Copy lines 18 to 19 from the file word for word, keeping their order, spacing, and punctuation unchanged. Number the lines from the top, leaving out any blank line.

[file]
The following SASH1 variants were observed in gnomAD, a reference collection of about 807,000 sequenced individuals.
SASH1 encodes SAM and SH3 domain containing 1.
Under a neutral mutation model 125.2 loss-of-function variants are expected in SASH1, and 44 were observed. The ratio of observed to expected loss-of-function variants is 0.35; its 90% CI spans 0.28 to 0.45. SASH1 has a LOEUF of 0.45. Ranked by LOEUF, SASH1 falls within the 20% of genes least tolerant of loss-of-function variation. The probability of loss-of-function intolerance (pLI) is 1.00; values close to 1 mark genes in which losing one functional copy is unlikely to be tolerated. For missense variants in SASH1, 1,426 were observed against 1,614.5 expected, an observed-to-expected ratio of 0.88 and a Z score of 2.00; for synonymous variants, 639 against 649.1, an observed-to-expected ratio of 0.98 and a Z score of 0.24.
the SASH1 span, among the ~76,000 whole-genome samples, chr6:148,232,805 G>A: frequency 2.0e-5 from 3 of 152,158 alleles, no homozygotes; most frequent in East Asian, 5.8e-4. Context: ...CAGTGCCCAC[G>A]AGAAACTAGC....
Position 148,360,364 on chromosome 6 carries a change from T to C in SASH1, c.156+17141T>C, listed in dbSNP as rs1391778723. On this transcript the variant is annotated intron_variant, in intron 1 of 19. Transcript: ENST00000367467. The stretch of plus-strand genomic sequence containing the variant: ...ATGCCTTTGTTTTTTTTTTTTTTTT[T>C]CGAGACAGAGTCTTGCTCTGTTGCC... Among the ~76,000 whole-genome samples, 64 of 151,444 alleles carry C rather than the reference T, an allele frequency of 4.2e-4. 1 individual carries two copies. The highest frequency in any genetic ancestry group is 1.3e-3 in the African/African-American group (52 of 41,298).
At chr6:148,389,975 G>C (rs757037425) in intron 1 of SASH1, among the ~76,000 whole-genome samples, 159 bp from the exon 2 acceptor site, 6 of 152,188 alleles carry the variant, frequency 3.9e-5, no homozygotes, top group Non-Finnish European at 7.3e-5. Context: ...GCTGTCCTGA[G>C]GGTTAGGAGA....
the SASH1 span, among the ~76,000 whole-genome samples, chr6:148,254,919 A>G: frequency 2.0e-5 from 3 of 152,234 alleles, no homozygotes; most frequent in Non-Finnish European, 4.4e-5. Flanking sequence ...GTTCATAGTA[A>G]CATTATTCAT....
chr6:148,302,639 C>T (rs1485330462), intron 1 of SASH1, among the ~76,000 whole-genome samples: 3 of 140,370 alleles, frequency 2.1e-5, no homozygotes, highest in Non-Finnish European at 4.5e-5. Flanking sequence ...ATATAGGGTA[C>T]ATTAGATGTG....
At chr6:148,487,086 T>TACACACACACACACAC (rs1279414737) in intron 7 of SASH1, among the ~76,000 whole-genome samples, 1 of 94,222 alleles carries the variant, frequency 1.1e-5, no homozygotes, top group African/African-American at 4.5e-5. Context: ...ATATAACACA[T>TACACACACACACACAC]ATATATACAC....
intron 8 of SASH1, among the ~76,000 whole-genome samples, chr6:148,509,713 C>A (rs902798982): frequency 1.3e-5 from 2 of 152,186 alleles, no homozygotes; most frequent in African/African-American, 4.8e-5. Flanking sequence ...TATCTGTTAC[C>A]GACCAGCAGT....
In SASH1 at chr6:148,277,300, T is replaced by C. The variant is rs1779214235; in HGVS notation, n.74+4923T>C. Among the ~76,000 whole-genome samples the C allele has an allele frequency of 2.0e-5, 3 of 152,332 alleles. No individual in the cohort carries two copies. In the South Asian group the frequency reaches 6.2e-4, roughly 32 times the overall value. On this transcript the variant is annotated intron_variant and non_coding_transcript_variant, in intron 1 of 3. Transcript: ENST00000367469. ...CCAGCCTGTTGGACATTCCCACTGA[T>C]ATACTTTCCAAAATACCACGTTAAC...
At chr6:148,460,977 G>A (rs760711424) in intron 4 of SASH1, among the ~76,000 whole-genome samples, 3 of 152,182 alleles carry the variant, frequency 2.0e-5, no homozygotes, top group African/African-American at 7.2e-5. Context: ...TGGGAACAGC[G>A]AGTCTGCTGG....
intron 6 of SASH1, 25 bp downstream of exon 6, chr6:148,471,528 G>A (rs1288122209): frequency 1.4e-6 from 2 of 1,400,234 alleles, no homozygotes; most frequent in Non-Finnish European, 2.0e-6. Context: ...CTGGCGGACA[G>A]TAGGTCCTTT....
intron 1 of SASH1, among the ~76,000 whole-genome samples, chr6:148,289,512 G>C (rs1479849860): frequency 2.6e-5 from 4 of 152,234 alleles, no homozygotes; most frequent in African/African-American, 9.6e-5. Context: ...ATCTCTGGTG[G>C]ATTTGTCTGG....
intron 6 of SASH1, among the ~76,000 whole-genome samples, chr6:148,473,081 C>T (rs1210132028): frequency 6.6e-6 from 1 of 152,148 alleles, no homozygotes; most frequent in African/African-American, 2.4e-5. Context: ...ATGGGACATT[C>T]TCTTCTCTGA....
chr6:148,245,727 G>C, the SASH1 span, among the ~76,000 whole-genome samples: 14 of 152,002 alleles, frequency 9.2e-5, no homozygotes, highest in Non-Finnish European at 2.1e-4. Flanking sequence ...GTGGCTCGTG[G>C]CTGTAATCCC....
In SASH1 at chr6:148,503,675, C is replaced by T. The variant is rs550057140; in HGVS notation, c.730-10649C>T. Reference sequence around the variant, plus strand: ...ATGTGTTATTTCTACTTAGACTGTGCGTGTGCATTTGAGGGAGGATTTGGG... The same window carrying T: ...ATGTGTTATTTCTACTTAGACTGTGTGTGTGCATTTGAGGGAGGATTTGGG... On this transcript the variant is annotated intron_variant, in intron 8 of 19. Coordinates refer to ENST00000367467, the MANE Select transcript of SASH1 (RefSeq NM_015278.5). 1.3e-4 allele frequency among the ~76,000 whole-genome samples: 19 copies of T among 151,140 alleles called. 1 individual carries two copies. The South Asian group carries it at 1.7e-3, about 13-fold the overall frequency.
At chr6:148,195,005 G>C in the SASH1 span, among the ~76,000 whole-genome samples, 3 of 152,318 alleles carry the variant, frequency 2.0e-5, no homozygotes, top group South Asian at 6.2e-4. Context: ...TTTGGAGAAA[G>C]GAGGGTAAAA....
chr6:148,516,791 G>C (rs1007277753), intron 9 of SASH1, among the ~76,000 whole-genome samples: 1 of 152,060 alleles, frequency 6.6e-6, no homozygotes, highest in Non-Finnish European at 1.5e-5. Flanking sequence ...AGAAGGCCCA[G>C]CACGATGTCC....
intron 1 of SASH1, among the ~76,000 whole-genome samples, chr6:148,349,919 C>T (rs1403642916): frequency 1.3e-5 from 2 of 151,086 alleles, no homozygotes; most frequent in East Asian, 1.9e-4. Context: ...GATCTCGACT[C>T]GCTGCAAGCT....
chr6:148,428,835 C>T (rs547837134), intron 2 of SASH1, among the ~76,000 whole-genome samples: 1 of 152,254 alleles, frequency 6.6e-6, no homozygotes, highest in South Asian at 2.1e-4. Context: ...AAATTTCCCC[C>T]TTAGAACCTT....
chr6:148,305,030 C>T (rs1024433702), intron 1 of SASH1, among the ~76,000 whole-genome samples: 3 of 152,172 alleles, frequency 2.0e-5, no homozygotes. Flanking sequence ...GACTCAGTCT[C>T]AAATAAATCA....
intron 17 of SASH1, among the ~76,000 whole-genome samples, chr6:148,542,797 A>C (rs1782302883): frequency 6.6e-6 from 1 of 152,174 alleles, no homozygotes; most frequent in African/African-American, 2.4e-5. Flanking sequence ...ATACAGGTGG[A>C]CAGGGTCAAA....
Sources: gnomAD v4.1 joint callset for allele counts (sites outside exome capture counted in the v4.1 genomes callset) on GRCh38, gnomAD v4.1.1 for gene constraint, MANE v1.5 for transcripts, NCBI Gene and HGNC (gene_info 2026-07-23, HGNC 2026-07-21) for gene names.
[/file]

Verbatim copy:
At chr6:148,195,005 G>C in the SASH1 span, among the ~76,000 whole-genome samples, 3 of 152,318 alleles carry the variant, frequency 2.0e-5, no homozygotes, top group South Asian at 6.2e-4. Context: ...TTTGGAGAAA[G>C]GAGGGTAAAA....
chr6:148,516,791 G>C (rs1007277753), intron 9 of SASH1, among the ~76,000 whole-genome samples: 1 of 152,060 alleles, frequency 6.6e-6, no homozygotes, highest in Non-Finnish European at 1.5e-5. Flanking sequence ...AGAAGGCCCA[G>C]CACGATGTCC....